The California Consumer Protection Act (CCPA) Takes Effect Today

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The California Consumer Protection Act (CCPA) — called of the strictest legislation of its kind ever enacted — takes effect today, January 1, 2020.*

As leading law firm White & Case comments in its briefing on the CCPA, firms that have not started to prepare for it have a lot to do to catch up. In a sense, however, there is some wiggle room. Enforcement of the CCPA by the State's Attorney General does not begin until July (mostly because amendments and final regulations are still being considered)—but private suits by consumers are permitted starting January 1.

The background: CASL and GDPR

Affected businesses do have different starting lines for getting ready to comply because many will have implemented rules and systems for compliance with two earlier pieces of legislation. (Thus far, stringent laws to protect consumer privacy in the age of email and the internet have not been enacted by the U.S. government, but other countries, and now California, have done so in ways that impact U.S. firms doing business there.)

Canada's Anti-Spam Legislation (CASL), which went into effect in July 2014, is one of the world's strictest anti-spam laws. More than one-quarter of email marketers say that CASL has had a significant or dramatic impact on their company's email marketing program.

CASL took its time rolling out and entered the final phase in 2017. Briefly, CASL is intended to protect Canadian citizens from "unsolicited messages"—a tall order when you reflect on how many "unsolicited messages" you receive. To implement this goal, CASL sets requirements for all commercial emails.

To take but one example, promotional emails have to include a working "unsubscribe link" (certainly no longer a rarity) and it must be easy for the recipient to identify the sender of an email. But at the heart of CASL is an opt-in law: Brands are only permitted to send email to people who've agreed to receive messages from them.

Although CASL is Canadian legislation, of course, it doesn't apply only to Canadian brands. All senders of emails to recipients in Canada must comply.

The General Data Protection Regulation (GCPR), which went in effect May 28, 2018, is a European Union (EU) law on data protection and privacy for all citizens of the EU and European Economic Area. But it also addresses the transfer of personal data outside those areas. The intention of GDPR is to give control to citizens over their personal data and also supposedly to simplify the regulatory environment for international business. In technical terms, GDPR applies to any "entity"  processing personal data that has an establishment in the EU, offers goods and services in EU, or monitors the behavior of individuals in the EU. That, to say the least, has not left businesses in the United States unaffected.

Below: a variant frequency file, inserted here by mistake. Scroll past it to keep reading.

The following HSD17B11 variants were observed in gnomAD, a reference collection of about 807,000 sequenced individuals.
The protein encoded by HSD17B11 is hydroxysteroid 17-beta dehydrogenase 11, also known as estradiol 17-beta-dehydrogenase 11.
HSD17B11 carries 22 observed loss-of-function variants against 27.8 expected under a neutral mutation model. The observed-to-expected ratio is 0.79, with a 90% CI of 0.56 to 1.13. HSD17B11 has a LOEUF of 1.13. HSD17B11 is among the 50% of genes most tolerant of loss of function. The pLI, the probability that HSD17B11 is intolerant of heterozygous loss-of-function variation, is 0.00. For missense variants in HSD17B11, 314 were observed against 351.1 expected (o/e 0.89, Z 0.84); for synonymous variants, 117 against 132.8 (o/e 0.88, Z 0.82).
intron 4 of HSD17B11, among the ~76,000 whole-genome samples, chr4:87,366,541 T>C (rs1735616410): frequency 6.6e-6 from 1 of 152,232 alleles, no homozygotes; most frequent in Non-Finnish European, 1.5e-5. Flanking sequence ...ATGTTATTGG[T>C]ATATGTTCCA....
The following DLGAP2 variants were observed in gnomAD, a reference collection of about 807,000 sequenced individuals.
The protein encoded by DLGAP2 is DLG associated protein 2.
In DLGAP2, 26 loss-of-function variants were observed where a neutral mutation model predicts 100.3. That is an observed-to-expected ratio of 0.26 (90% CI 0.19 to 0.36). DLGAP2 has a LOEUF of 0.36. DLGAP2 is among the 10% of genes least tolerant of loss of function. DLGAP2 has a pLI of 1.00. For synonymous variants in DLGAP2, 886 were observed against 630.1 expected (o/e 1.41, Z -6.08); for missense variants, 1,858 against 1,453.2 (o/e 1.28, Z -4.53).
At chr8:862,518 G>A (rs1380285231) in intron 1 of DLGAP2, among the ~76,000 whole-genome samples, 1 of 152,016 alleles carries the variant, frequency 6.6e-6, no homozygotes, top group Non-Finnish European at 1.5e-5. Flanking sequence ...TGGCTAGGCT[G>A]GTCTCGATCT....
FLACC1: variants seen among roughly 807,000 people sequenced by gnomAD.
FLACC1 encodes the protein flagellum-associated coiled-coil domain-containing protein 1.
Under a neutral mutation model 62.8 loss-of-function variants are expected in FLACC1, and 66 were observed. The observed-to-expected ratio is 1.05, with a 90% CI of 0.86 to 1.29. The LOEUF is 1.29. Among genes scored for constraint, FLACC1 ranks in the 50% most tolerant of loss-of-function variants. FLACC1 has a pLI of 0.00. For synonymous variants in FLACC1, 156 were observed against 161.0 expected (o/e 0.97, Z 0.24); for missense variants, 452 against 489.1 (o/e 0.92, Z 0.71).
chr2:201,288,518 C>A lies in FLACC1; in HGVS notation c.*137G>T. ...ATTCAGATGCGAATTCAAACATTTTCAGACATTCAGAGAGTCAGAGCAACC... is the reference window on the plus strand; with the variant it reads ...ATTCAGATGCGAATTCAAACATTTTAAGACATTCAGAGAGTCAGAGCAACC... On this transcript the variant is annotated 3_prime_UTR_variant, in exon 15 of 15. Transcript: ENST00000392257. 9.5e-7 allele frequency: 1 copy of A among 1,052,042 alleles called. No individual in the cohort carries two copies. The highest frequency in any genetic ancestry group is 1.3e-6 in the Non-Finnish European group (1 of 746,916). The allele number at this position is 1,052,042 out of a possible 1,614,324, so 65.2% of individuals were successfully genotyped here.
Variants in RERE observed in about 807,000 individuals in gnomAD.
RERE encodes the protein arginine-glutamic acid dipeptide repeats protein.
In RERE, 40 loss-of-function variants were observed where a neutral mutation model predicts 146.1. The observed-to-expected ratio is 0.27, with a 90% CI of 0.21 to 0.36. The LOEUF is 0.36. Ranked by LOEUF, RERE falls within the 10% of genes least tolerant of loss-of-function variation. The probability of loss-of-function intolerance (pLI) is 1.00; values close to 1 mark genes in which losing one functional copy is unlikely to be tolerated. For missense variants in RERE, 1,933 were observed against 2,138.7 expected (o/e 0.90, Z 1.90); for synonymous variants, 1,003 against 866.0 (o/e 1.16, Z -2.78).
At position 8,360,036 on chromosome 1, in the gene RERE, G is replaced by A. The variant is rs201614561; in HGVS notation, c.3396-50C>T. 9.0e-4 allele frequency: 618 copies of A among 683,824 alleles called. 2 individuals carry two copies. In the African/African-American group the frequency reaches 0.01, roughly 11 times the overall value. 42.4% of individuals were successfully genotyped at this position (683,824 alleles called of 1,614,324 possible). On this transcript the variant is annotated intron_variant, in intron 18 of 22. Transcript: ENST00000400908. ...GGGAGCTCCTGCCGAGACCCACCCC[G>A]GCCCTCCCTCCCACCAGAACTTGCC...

The California Consumer Privacy Act (CCPA)

CCPA, which goes into effect January 1, 2020, applies to a wide range of for-profit companies (and potentially their subsidiaries) that do business in California.

It may cover retail businesses that process consumer personal information (both online and in physical stores), social media companies that collect data through apps, advertising and marketing outfits that collect and share data on consumers to create profiles or ads. Data brokers that buy and sell personal information are expected to be impacted heavily. Even banks and other financial services firms that collect the personal information of California residents not related to financial products or services are expected to be affected by CCPA.

Therefore, the first item on any checklist to prepare for compliance is for the business to ascertain if CCPA applies to it. The reason is that size matters, here. The legislation excludes many small businesses or businesses with limited involvement with consumer personal information.

To be specific, the law applies to any for-profit entity doing business in California that annually:

  • exceeds $25 million in gross revenue.
  • handles the personal information of 50,000 or more consumers, households, or devices.
  • derives more than 50% of its annual revenue from selling consumers' personal information.

Before an explicit checklist of steps to prepare for the start date of CCPA, a few general points:

  • CCPA directs firms to be transparent in their practices relating to the collection, sale, and disclosure of personal information from California residents. That applies both to public disclosures and responses to consumer requests.
  • Businesses that do not comply with the Act face injunctions and up to $2,500 for each violation or $7,500 for each intentional violation of the CCPA.
  • Also, consumers in individual and class actions have a private right of action to seek damages ranging from $100 to $750 per consumer, per incident, as a result of a data breach caused by a business' lack of reasonable security.